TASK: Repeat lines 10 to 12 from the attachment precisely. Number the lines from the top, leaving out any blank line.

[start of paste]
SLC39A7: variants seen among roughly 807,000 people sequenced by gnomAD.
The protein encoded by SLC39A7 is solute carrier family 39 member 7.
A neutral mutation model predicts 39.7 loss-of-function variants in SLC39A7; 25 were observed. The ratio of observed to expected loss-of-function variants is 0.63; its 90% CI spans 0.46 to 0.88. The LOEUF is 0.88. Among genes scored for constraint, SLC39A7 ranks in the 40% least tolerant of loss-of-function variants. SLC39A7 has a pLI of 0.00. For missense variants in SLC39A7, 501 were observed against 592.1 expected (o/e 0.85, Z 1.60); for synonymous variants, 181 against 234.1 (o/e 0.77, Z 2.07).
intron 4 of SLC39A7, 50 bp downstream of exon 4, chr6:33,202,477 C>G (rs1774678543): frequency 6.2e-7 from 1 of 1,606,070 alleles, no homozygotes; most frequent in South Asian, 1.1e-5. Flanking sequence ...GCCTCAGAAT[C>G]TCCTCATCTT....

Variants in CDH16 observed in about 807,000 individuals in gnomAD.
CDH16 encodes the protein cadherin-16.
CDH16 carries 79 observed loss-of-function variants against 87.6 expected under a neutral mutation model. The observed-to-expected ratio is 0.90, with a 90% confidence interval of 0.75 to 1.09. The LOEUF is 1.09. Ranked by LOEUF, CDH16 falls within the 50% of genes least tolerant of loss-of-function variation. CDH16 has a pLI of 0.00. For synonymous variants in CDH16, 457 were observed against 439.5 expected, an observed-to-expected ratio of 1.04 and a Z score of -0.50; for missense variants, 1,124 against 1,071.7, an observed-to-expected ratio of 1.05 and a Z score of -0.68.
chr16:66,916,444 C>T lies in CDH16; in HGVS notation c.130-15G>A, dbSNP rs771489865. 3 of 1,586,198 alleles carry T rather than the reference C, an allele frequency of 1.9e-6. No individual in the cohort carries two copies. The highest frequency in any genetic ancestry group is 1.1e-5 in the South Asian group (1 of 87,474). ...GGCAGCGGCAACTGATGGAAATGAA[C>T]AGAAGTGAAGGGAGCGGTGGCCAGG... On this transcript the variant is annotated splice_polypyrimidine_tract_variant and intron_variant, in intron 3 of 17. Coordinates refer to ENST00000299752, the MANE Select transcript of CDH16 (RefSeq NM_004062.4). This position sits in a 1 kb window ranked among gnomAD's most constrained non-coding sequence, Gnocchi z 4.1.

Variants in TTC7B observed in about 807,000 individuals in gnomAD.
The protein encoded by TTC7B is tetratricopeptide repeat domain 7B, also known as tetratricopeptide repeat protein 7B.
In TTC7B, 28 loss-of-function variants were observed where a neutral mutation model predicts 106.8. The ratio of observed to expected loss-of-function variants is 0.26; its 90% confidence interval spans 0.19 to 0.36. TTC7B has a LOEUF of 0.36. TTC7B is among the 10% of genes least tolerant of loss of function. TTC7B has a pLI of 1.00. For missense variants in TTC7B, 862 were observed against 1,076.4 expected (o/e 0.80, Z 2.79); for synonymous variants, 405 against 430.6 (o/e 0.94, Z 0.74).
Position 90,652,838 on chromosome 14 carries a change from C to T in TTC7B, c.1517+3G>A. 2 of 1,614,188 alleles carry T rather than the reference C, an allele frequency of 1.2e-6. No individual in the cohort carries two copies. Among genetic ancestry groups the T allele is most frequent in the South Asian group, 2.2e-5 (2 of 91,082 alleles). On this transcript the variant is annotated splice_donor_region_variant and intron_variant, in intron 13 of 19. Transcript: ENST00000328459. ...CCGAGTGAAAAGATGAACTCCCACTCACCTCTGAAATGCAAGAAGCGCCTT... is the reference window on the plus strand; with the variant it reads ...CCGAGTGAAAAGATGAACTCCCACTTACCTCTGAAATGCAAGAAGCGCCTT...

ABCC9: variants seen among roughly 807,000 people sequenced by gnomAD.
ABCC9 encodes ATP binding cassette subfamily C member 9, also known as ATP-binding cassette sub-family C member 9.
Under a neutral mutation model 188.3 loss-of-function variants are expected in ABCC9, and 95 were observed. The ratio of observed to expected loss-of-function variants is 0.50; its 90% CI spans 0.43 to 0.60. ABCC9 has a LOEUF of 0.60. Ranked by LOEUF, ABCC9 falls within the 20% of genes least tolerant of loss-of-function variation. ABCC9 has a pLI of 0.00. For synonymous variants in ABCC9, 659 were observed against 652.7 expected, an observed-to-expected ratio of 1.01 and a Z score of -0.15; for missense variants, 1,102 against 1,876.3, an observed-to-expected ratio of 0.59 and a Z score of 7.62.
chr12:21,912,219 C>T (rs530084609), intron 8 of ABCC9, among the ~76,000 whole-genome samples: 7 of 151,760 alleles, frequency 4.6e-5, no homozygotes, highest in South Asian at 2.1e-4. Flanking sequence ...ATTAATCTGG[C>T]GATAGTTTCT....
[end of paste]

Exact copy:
The protein encoded by TTC7B is tetratricopeptide repeat domain 7B, also known as tetratricopeptide repeat protein 7B.
In TTC7B, 28 loss-of-function variants were observed where a neutral mutation model predicts 106.8. The ratio of observed to expected loss-of-function variants is 0.26; its 90% confidence interval spans 0.19 to 0.36. TTC7B has a LOEUF of 0.36. TTC7B is among the 10% of genes least tolerant of loss of function. TTC7B has a pLI of 1.00. For missense variants in TTC7B, 862 were observed against 1,076.4 expected (o/e 0.80, Z 2.79); for synonymous variants, 405 against 430.6 (o/e 0.94, Z 0.74).
Position 90,652,838 on chromosome 14 carries a change from C to T in TTC7B, c.1517+3G>A. 2 of 1,614,188 alleles carry T rather than the reference C, an allele frequency of 1.2e-6. No individual in the cohort carries two copies. Among genetic ancestry groups the T allele is most frequent in the South Asian group, 2.2e-5 (2 of 91,082 alleles). On this transcript the variant is annotated splice_donor_region_variant and intron_variant, in intron 13 of 19. Transcript: ENST00000328459. ...CCGAGTGAAAAGATGAACTCCCACTCACCTCTGAAATGCAAGAAGCGCCTT... is the reference window on the plus strand; with the variant it reads ...CCGAGTGAAAAGATGAACTCCCACTTACCTCTGAAATGCAAGAAGCGCCTT...